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Here’s What’s Hot in Mountain Home Design in 2020

What are the top five design elements people are obsessing over this year? Here’s what we’re seeing.



Every year, homeowners are eager to incorporate a handful of new trends into their spaces. One recent example was the minimal-to-the-max obsession, which is already falling by the wayside for something a little more approachable and fun (we’ll get to that shortly).

The most exciting thing about what’s popular in 2020 is that each and every one of the following trends speaks to a fresh new focus on holistic health—from home-cooked meals and physical fitness to the wellbeing of the planet and prioritizing time with loved ones.

Without further ado, here are the top five design elements that have taken center stage in the new year.

1. Eco-friendly & Sustainable Design

Natural and sustainable materials are the norms these days, with no room for toxic finishes or unsustainable supply chains.

Homeowners have been increasingly interested in environmentally friendly home design in the past decade, but what we’re seeing most recently is that this interest has reached a whole new level. Beyond solar panels and recycled woods, people want every aspect of their architecture, construction, and interiors to do as little harm to the planet as possible. Homeowners are starting to scrutinize every link in the supply chain—questioning how a material is made, where a plumbing fixture is sourced from, how off-gassing occurs in a product that’s installed, etc.—which makes them feel even more connected to their home and their Rocky Mountain site than ever before.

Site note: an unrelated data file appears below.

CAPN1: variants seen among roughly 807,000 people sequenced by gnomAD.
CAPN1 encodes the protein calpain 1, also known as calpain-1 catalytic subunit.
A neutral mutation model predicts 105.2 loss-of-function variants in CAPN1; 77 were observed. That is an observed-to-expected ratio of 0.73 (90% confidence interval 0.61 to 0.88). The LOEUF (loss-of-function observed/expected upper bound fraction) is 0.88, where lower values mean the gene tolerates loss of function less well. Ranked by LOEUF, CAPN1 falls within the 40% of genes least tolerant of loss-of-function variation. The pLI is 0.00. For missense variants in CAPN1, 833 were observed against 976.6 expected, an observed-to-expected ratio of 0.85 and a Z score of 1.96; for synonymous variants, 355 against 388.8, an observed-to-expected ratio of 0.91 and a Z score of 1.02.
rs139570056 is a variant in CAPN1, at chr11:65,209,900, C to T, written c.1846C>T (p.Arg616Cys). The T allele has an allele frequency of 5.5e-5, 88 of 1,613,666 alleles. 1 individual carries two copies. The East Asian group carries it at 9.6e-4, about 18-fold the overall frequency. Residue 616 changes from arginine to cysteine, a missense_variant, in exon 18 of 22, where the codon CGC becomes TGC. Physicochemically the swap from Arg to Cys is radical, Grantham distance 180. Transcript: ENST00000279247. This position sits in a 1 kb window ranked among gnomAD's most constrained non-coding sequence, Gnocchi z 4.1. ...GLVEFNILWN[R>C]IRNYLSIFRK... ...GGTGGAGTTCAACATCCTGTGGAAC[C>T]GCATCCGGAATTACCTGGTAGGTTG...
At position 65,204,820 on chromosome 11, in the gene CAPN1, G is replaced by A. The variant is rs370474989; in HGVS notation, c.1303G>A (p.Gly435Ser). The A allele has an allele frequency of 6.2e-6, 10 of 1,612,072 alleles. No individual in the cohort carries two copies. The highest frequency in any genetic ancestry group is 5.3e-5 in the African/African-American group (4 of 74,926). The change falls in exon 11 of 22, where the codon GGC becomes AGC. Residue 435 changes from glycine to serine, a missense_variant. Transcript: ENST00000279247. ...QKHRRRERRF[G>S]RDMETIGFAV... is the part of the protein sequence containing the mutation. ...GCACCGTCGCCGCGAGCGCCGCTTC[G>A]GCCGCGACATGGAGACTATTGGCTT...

2. Health & Wellness Amenities

Consciousness and focus towards health, relaxation, and overall wellbeing are increasingly prevalent in design.

From the quality of the air circulating to the dedicated spaces for their favorite exercises, people have a renewed interest in their physical and mental wellness—and they want their homes to support them. Features like saunas, massage rooms, and designated spaces for their Peloton bikes and yoga practices are all the rage, as are natural-light fixtures that help sync circadian rhythms (check out companies like Ketra who are on the leading edge of this technology). The result? Homes that create the best environment for productivity as well as relaxation and better sleep. Win, win.

3. A Warmer Modern

We’re saying goodbye to grays as warmer modern looks are taking focus.

Gone are the days of stark white space. Homeowners are looking beyond the white-and-gray monochrome world and seeking a look that combines sleek and clean with soft and warm. This preference can manifest in warmer tones, more tactile materials, punches of color, and a wider variety of unexpected elements like antiques—contributing to an overall style full of much more nuance and life.

4. Demographic-Driven Design

Design for the family dynamic and adaptability such as separate guest quarters are highly desired these days.

More and more people who own homes in the mountains want their spaces to adapt to and accommodate their personal lives and situations. For money-conscious millennials, it’s all about quality over quantity, opting for smaller homes that make efficient use of space. The older generation is more concerned with main-level living, which provides maximum accessibility, as well as houses that are designed so that their family members can visit and feel right at home.

5. Two-in-One Kitchens

Artful kitchens with the everyday functions of coffee and smoothie stations hidden in a pantry are becoming the norm.

There’s been a rise in homeowners requesting two separate kitchen areas—one where the food can be displayed and enjoyed, and another where the food is cooked and messes are made. There’s no need to choose between beauty and function, when you can have both—not to mention a delicious home-cooked meal surrounded by gorgeous mountain views!

Kyle H. Webb, AIA is the principal at KH Webb Architects PC, a Vail, Colorado-based design and architecture firm. View their profile or reach Kyle at 970-477-2990.

Content for this article provided by KH Webb Architects.

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